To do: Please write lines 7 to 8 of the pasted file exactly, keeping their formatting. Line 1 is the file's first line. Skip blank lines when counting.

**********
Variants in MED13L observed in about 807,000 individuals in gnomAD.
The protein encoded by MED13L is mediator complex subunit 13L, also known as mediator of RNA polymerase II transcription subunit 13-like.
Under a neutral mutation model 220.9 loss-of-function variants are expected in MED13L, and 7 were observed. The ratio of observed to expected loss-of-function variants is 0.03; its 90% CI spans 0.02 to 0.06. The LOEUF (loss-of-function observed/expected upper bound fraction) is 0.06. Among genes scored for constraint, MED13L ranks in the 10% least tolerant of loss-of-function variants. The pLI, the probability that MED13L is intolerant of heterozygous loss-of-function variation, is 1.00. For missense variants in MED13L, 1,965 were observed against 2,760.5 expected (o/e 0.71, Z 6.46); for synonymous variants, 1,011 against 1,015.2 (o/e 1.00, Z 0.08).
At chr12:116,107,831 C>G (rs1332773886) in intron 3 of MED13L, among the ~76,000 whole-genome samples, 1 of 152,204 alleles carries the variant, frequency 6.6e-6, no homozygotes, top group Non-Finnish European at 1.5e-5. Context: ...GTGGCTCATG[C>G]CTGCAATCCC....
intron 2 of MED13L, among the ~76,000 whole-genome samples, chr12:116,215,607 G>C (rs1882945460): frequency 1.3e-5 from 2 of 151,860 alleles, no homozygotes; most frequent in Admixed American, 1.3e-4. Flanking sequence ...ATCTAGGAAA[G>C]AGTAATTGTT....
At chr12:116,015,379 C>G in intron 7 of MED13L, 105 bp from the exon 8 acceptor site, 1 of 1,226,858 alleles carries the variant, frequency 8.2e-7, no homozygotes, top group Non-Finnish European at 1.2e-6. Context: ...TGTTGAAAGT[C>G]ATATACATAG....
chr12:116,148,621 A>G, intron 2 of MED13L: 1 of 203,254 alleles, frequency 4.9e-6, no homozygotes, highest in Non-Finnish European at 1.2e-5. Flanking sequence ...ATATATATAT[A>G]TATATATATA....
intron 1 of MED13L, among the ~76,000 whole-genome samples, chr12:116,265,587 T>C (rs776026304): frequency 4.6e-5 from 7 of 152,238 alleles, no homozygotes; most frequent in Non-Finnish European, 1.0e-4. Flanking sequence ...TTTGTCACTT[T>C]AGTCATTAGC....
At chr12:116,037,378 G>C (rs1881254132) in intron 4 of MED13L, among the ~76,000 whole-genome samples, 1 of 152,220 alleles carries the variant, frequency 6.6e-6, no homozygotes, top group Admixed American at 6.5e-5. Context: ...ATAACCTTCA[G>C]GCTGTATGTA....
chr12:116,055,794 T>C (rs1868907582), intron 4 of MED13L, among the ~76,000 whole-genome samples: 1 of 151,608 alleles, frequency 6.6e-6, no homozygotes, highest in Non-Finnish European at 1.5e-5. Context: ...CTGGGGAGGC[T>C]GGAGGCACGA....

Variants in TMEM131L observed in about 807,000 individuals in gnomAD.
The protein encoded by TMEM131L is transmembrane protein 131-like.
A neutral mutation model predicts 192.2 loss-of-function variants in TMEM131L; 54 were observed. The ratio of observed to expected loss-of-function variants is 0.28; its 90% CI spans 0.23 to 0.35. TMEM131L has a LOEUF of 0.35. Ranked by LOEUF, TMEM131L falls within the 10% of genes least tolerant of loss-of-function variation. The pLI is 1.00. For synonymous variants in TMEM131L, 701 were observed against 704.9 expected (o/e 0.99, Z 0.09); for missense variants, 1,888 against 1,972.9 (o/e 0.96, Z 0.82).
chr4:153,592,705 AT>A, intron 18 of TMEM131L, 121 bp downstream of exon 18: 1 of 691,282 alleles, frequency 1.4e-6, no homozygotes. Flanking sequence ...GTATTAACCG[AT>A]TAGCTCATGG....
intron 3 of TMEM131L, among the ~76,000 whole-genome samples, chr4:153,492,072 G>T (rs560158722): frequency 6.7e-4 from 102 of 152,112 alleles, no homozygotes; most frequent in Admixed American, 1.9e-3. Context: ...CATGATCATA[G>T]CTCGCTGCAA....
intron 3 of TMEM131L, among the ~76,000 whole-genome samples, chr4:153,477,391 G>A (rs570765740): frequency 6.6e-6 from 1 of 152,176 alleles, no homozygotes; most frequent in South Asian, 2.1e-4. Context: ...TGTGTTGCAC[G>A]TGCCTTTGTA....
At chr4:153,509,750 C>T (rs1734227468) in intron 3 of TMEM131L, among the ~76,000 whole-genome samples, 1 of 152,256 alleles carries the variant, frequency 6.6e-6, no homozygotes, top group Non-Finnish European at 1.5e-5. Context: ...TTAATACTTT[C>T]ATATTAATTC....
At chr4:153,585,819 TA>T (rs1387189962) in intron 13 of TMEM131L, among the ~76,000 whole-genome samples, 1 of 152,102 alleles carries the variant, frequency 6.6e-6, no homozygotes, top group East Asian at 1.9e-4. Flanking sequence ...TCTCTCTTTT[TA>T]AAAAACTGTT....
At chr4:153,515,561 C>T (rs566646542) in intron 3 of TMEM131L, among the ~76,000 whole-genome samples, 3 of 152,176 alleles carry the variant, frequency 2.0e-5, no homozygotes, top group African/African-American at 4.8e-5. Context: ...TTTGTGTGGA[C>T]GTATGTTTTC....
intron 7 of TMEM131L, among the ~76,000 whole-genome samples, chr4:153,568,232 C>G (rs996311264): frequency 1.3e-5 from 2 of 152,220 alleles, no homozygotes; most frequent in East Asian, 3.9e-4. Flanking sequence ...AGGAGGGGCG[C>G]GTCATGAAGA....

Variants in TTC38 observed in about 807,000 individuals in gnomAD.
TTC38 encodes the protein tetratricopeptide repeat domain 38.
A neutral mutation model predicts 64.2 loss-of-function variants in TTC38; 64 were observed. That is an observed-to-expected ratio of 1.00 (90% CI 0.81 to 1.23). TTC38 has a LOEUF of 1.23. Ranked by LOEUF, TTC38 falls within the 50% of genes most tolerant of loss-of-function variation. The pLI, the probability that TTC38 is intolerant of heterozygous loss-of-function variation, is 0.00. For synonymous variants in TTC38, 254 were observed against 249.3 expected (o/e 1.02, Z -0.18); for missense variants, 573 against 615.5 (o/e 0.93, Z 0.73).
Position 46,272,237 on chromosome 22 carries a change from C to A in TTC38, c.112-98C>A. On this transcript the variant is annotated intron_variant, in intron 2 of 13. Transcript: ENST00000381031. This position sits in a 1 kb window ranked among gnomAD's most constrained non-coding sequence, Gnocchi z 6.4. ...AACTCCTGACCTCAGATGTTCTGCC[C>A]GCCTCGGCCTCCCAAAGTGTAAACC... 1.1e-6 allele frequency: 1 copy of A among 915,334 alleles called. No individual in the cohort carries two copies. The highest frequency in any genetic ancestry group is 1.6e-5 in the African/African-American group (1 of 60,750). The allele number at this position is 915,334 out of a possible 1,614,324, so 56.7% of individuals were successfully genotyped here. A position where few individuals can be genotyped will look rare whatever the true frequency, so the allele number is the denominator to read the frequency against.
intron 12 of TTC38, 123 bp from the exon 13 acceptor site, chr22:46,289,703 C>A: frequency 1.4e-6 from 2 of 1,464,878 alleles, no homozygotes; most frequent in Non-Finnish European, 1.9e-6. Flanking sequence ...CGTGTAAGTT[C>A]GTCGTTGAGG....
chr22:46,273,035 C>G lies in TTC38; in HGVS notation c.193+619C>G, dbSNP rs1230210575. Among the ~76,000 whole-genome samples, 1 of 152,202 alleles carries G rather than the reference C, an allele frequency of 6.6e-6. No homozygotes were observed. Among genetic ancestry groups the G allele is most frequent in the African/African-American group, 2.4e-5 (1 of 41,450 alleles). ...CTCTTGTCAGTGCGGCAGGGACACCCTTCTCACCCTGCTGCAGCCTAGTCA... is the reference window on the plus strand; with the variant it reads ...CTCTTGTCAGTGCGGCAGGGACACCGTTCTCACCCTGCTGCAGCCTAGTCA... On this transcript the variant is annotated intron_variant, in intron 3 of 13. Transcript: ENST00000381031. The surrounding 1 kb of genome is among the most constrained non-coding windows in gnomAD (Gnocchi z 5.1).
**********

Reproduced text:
chr12:116,148,621 A>G, intron 2 of MED13L: 1 of 203,254 alleles, frequency 4.9e-6, no homozygotes, highest in Non-Finnish European at 1.2e-5. Flanking sequence ...ATATATATAT[A>G]TATATATATA....
intron 1 of MED13L, among the ~76,000 whole-genome samples, chr12:116,265,587 T>C (rs776026304): frequency 4.6e-5 from 7 of 152,238 alleles, no homozygotes; most frequent in Non-Finnish European, 1.0e-4. Flanking sequence ...TTTGTCACTT[T>C]AGTCATTAGC....